1
18
UNIT 1
Organization of the Body
part of the balloon that clings to your fist can be compared to
the visceral serosa clinging to an organ’s external surface. Te
outer wall of the balloon then represents the parietal serosa that
lines the walls of the cavity. (However, unlike the balloon, the
parietal serosa is never exposed but is always fused to the cavity
wall.) In the body, the serous membranes are separated not by
air but by a thin layer of lubricating fluid, called
serous fluid
,
which is secreted by both membranes. Although there is a po-
tential space between the two membranes, the barely present,
slitlike cavity is filled with serous fluid.
Te slippery serous fluid allows the organs to slide without
friction across the cavity walls and one another as they carry out
their routine functions. Tis freedom of movement is especially
important for mobile organs such as the pumping heart and the
churning stomach.
Te serous membranes are named for the specific cavity
and organs with which they are associated. For example, as
shown in Figure 1.10b, the
parietal pericardium
lines the peri-
cardial cavity and folds back as the
visceral pericardium
, which
covers the heart. Likewise, the
parietal pleurae
(ploo
9
re) line
the walls of the thoracic cavity, and the
visceral pleurae
cover
the lungs. Te
parietal peritoneum
(per
0
ĭ-to-ne
9
um) is as-
sociated with the walls of the abdominopelvic cavity, while
the
visceral peritoneum
covers most of the organs within that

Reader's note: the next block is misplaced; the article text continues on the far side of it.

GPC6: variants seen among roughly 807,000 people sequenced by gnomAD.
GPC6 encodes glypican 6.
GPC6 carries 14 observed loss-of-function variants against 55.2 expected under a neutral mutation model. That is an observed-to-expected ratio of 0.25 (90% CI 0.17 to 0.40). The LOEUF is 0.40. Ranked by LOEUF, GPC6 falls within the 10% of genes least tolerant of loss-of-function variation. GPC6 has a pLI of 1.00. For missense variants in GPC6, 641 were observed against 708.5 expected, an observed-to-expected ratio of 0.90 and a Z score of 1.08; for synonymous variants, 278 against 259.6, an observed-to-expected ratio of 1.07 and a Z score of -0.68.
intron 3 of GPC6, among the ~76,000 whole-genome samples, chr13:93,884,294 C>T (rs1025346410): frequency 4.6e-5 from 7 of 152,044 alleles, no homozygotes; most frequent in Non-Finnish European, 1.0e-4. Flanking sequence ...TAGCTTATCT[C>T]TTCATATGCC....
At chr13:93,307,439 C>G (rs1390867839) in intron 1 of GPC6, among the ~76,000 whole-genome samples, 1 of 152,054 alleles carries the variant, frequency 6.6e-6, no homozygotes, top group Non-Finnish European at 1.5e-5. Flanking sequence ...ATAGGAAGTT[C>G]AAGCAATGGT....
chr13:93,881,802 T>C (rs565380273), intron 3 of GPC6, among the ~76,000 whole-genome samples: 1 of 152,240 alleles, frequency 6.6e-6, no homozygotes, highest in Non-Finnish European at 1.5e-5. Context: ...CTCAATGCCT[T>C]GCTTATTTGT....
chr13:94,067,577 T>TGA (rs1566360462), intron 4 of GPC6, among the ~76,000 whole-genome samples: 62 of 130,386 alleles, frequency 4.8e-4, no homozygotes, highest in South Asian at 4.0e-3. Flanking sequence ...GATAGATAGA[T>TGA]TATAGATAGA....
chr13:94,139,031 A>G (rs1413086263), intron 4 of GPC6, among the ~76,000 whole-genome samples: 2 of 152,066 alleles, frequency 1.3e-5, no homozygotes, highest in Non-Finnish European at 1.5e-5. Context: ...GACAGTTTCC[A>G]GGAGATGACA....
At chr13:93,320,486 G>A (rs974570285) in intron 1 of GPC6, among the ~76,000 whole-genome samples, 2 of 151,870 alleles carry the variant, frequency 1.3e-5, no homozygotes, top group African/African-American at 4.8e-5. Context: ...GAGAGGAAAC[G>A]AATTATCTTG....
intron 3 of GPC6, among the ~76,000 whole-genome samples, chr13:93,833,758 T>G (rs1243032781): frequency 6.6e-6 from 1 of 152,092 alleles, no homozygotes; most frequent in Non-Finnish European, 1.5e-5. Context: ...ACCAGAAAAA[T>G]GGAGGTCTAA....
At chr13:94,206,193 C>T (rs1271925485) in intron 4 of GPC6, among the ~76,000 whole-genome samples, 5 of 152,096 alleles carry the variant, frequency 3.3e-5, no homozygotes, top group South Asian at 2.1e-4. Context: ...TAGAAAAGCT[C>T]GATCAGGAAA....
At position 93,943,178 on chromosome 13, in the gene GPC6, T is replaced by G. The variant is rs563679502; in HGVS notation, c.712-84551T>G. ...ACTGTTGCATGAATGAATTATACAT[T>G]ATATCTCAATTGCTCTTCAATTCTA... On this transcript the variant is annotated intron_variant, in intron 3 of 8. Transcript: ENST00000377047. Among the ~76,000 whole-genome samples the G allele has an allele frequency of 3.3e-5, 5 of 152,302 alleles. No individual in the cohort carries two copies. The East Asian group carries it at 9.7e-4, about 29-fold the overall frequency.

cavity. (Te pleural and peritoneal serosae are illustrated in
Figure 4.11c on p. 141.)
these regions are not physically separated by a muscular or
membrane wall. Its superior portion, the
abdominal cavity
,
contains the stomach, intestines, spleen, liver, and other organs.
Te inferior part, the
pelvic cavity
, lies in the bony pelvis and
contains the urinary bladder, some reproductive organs, and the
rectum. Te abdominal and pelvic cavities are not aligned with
each other. Instead, the bowl-shaped pelvis tips away from the
perpendicular as shown in Figure 1.9a.
Homeostatic Imbalance
1.1
When the body is subjected to physical trauma (as in an auto-
mobile accident), the abdominopelvic organs are most vulner-
able. Why? Tis is because the walls of the abdominal cavity are
formed only by trunk muscles and are not reinforced by bone.
Te pelvic organs receive a somewhat greater degree of protec-
tion from the bony pelvis.
Membranes in the Ventral Body Cavity
Te walls of the ven-
tral body cavity and the outer surfaces of the organs it contains
are covered by a thin, double-layered membrane, the
serosa
(se-
ro
9
sah), or
serous membrane
. Te part of the membrane lining
the cavity walls is called the
parietal serosa
(pah-ri
9
ĕ-tal;
parie
5
wall). It folds in on itself to form the
visceral serosa
, covering
the organs in the cavity.
You can visualize the relationship between the serosal layers
by pushing your fist into a limp balloon
(Figure 1.10a)
. Te
Cranial cavity
(contains brain)
Dorsal body
cavity
Vertebral cavity
(contains spinal
cord)
Cranial
cavity
Superior
mediastinum
Pericardial
cavity within
the mediastinum
Pleural
cavity
Vertebral
cavity
Abdomino-
pelvic
cavity
Ventral body
cavity
(thoracic and
abdominopelvic
cavities)
Abdominal cavity
(contains digestive
viscera)
Diaphragm
Pelvic cavity
(contains urinary
bladder, reproductive
organs, and rectum)
Thoracic
cavity
(contains
heart and
lungs)
(a) Lateral view
(b) Anterior view
Dorsal body cavity
Ventral body cavity
Figure 1.9
Dorsal and ventral body cavities and their subdivisions.
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